Banks create money when they make loans. Greece could restore the liquidity desperately needed by its banks and its economy by nationalizing the banks and issuing digital loans backed by government guarantees to its ailing businesses. Greece could provide an inspiring model of sustainable prosperity for the world. But it is being strangled by a hegemonic power in a financial war that is being waged against us all.
On July 4, 2015, one day before the national vote on the austerity demands of Greece's creditors, it was rumored in the Financial Times that Greek banks were preparing to "bail in" (or confiscate) depositor funds to replace the liquidity choked off by the European Central Bank.
The response of the Syriza government, to its credit, was "no way." As reported in Zerohedge, the government was prepared to pursue three "nuclear options" to protect the deposits of the Greek people:
- nationalize the banks,
- launch a parallel currency in the form of electronic California-style IOUs, and
- use the Greek central bank's printing press to issue euros.
Ambrose Evans-Pritchard wrote in the UK Telegraph:
Syriza sources say the Greek ministry of finance is examining options to take direct control of the banking system if need be rather than accept a draconian seizure of depositor savings - reportedly a 'bail-in' above a threshhold of 8,000 - and to prevent any banks being shut down on the orders of the ECB.
Government officials recognize that this would lead to an unprecedented rift with the EU authorities. But Syriza's attitude at this stage is that their only defense against a hegemonic power is to fight guerrilla warfare.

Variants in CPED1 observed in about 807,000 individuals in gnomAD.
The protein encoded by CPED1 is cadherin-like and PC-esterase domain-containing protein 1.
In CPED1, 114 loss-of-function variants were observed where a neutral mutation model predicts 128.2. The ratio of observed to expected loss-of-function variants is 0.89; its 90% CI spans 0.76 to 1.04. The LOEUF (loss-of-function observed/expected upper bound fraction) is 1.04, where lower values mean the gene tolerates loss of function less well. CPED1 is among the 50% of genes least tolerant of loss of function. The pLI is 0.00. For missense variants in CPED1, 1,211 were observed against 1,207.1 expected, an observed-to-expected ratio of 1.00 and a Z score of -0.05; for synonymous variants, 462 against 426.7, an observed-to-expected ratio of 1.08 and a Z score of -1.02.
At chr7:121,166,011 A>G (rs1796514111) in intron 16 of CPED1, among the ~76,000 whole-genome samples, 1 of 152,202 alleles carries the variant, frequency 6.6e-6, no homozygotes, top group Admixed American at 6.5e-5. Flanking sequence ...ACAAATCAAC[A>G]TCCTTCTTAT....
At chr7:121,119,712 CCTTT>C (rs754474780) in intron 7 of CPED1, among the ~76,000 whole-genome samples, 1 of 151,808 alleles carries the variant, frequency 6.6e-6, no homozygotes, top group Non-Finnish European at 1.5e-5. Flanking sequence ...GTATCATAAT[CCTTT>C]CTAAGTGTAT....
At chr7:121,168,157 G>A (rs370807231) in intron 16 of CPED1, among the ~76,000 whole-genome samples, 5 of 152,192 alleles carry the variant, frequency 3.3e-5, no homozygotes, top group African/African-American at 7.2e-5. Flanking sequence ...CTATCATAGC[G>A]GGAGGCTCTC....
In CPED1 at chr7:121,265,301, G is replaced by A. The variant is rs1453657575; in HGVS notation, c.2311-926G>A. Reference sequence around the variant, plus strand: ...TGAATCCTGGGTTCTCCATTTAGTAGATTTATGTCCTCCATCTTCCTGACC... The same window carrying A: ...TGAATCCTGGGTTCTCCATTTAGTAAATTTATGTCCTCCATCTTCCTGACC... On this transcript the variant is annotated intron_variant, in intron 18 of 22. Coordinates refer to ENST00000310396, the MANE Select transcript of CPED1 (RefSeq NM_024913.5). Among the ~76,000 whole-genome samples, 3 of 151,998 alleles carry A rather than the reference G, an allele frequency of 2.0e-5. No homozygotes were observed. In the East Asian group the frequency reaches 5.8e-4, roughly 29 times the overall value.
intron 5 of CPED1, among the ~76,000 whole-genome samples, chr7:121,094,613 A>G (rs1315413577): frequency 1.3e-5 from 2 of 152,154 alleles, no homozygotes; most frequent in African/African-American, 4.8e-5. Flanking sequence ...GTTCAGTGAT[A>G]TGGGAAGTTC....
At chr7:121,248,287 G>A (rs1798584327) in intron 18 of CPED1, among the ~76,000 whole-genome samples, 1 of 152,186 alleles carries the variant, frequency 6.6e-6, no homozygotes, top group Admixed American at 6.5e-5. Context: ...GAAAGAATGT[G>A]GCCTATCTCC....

The Hegemonic Power of the ECB
The Greek crisis is a banking crisis, and it was precipitated largely by the Mafia-like tactics of the European Central Bank and the international banks it serves (notably Goldman Sachs). As Jeffrey Sachs observed in the Financial Times in 2012:
The Greek economy is collapsing not mainly from fiscal austerity or the lack of external competitiveness but from the chronic lack of working capital. Greece's small and medium-sized enterprises can no longer obtain funding. . . . The shutdown of Greece's banking sector brings to mind the dramatic shrinkage of bank lending during 1929-33 in the Great Depression.
Economist James Galbraith explains the critical role of the ECB in this shutdown:
A central bank is supposed to protect the financial stability of solvent banks. But from early February, the ECB cut off direct financing of Greek banks, instead drip-feeding them expensive liquidity on special "emergency" terms. This promoted a slow run on the banks and paralyzed economic activity. When the negotiations broke down, the ECB capped the assistance, prompting a fast bank run and giving them an excuse to impose capital controls and effectively shut them down.
In December 2014, when the Greek Parliament was threatening to reject the pro-austerity presidential candidate, Goldman Sachs warned in a memo:
In the event of a severe Greek government clash with international lenders, interruption of liquidity provision to Greek banks by the ECB could potentially even lead to a Cyprus-style prolonged "bank holiday".
And that is exactly what happened after the anti-austerity Syriza Party was elected in January. Why would the ECB have to "interrupt liquidity provision" just because of a "clash with international lenders"? As noted by Mark Weisbrot, the move was completely unnecessary.
The crisis to which it has led was described by Evans-Pritchard on July 7th:
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